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Wanted: A countess for the most feared lord in London
With a family legacy tainted by murder and madness, Phineas Brand, the Earl of Holstoke, is having a devil of a time securing a proper wife—or even an improper one. Society misses faint at the sight of him. Matchmaking mamas scurry to avoid him. Only one woman is bold enough to keep drawing near, and she’s more scandalous than he is.
Caution: A lady’s brazen ways may lead to ruin
Lady Eugenia Huxley knows all about running aground in the marriage mart, thanks to a scandal involving a footman and too much drink. No matter. She’ll gladly pursue millinery over matrimony. But when her sister’s spurned suitor returns to London in search of a wife, she can’t resist offering him a bit of courtship advice, even if the chilly, brilliant, honorable Lord Holstoke does give her shivers—heated, head-to-toe shivers that are anything but fearful.
Danger: This match may be combustible
After a series of vicious murders brings suspicion to Holstoke’s door, Eugenia risks everything to be his alibi. The only rational remedy is to marry the minx before she generates another scandal. Yet, the dangers don’t end at the altar. A poisonous enemy coils ever closer, threatening the woman who awakens his soul. How far will he go to protect her? That may be the greatest danger of all.
This ninth book in Elisa Braden’s Rescued from Ruin takes place around six years after book seven, (Confessions of a Dangerous Lord), and revisits the members of the Huxley family. A number of events that took place in that book are referenced here – principally the crimes committed by the hero’s mother and the resultant fallout – so this probably isn’t the ideal book to pick up if you haven’t read any of the other books in the series. A Marriage Made in Scandal is a very readable novel that combines a friends-to-lovers romance with an intriguing mystery, but even though I liked quite a few things about it, there are things I didn’t that prevent me from recommending it.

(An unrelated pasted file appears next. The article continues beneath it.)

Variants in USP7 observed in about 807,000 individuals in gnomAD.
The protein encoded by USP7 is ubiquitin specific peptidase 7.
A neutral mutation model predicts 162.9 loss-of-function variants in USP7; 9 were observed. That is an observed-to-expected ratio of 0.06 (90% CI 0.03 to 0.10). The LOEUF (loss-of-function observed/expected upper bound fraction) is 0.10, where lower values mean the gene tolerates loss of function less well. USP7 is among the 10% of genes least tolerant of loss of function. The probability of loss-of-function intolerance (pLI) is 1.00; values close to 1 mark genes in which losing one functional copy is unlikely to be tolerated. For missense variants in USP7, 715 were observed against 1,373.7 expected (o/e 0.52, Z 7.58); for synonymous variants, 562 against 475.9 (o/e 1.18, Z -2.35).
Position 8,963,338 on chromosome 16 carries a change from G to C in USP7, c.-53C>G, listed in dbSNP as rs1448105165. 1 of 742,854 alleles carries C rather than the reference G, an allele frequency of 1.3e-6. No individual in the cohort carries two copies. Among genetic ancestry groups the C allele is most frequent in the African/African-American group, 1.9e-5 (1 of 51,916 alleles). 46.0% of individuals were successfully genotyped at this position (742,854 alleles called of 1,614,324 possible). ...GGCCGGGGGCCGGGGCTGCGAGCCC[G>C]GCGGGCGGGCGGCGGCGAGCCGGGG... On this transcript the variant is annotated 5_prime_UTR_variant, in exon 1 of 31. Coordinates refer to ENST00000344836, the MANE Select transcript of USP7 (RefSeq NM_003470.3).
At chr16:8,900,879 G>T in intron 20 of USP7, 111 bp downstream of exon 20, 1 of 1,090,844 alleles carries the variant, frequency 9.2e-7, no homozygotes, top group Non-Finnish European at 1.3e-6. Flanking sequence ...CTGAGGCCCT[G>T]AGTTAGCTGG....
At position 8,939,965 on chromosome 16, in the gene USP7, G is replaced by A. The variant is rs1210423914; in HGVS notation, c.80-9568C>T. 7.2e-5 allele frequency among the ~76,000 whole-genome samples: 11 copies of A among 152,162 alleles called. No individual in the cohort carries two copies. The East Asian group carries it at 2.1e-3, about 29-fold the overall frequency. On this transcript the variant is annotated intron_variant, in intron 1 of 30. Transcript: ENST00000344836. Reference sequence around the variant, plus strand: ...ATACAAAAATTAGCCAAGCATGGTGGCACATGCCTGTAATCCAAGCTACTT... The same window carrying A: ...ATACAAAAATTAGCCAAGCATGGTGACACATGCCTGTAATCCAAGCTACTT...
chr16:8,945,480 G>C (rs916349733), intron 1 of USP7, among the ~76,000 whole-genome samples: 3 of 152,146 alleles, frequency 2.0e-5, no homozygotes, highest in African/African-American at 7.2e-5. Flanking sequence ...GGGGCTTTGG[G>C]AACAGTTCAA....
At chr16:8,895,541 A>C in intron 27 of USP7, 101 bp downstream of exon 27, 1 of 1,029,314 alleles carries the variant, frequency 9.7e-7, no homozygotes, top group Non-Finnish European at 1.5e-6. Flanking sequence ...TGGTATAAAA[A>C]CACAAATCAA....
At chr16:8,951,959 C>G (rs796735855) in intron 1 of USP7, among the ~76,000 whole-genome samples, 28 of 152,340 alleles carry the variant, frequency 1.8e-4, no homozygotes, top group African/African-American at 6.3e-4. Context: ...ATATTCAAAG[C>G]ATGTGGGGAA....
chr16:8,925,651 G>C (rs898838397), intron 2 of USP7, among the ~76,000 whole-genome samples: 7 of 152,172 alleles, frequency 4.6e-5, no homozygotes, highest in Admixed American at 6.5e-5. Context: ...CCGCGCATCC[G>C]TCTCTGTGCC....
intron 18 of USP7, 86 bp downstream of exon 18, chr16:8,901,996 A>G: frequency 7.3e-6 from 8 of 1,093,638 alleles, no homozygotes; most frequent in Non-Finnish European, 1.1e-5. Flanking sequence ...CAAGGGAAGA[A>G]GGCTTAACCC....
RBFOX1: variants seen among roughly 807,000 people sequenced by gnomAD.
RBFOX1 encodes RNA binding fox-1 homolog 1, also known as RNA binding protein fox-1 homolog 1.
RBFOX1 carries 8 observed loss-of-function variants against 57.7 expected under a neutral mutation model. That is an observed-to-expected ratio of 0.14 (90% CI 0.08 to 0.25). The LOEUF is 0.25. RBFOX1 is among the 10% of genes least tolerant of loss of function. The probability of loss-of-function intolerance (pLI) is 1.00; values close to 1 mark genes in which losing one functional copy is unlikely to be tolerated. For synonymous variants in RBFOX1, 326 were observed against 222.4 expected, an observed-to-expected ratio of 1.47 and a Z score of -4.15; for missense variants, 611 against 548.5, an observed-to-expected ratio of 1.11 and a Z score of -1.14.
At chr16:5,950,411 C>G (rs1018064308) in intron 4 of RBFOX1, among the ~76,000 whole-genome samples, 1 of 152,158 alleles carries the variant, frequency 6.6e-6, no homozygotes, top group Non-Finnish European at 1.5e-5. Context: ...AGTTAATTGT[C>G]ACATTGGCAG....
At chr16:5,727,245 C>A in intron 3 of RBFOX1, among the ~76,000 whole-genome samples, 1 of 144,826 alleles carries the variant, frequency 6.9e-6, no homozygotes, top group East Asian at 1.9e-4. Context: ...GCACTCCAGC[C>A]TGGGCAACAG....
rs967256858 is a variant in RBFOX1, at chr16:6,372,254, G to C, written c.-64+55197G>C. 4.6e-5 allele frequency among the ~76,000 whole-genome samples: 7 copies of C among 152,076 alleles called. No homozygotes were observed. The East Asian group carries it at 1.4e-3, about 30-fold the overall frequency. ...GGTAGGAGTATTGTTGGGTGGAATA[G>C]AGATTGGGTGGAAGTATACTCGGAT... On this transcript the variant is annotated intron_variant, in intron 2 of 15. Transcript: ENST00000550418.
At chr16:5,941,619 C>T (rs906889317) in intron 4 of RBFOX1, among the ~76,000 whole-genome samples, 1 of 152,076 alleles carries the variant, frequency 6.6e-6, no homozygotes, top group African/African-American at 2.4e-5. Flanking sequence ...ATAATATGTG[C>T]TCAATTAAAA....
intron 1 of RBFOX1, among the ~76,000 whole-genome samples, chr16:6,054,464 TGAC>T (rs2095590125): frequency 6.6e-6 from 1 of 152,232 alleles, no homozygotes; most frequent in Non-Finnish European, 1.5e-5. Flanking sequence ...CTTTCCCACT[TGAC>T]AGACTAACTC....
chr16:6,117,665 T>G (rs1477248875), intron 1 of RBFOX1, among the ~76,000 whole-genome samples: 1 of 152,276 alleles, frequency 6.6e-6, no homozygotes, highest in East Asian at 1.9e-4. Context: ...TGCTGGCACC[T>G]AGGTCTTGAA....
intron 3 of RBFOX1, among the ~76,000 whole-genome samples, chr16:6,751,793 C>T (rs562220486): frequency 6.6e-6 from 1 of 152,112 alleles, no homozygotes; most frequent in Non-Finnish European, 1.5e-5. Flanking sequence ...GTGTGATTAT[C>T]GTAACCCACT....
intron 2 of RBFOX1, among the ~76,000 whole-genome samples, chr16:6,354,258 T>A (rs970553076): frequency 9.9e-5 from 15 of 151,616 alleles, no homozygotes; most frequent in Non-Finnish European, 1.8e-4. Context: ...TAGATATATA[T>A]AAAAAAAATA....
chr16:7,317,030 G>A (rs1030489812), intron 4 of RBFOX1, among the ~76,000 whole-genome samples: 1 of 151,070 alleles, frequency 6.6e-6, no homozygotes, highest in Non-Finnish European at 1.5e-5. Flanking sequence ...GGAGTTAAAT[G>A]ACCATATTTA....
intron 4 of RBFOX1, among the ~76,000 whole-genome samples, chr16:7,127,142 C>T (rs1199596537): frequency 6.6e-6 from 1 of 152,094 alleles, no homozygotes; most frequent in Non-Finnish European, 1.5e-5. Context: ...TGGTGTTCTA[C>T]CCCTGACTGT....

One of those things is the way the story opens. Lady Eugenia Huxley is the daughter of an earl, but when we first encounter her she is working in a far from exclusive hat shop in one of the less salubrious areas of London. Anyone who reads historicals regularly will immediately recognise the incongruity of the idea of an earl’s daughter working for a living. As I read on I learned that a couple of years previously Eugenia – Genie – had caused a massive scandal by being caught in flagrante delicto with a footman and so I thought, “okay, so she disgraced herself and her family threw her out. That makes more sense.” Except – no. Not only did her family not disown her, she still lives at the family home in Mayfair! It’s said early on that Genie’s disgrace has naturally affected her younger sister’s marital prospects, that Genie no longer goes out in society and that she is still whispered about – but she lives at home? And goes to work every day? I didn’t buy it. There are occasions when I can roll my eyes at a set up and move on, but not this time. Ms. Braden is a good writer and I’m sure she could have come up with another way to have Genie be the family scandal without resorting to something so implausible.
Anyway. While working in said downmarket hat shop, Genie runs in to Phineas Brand, Lord Holstoke, who, years earlier, had been courting her sister Maureen. Phineas is a rigidly controlled young man whose mother (this isn’t a spoiler, as it happened in a previous book) was revealed to have been a murderess, having killed Phineas’ father and numerous others. That was six years ago, and society still views Phineas with caution, which is making his search for a suitable bride difficult, to say the least. And it’s made even more difficult when a young woman is murdered – poisoned using methods and poisons known to have been favoured by Phineas’ mother – and several more killings ensue in quick succession. It seems someone is out to implicate Phineas in the murders, and when Genie impulsively steps in to provide him with an alibi, it’s the last straw for her father, who makes it clear he expects Phineas to marry her. And in the meantime, the murder sub-plot picks up steam. The deaths seem random and there’s no way of knowing how, where or whom the poisoner will strike next, and Phineas greatly fears that by marrying Genie, he has placed her firmly in the killer’s sights.
You can read the rest of this review at All About Romance.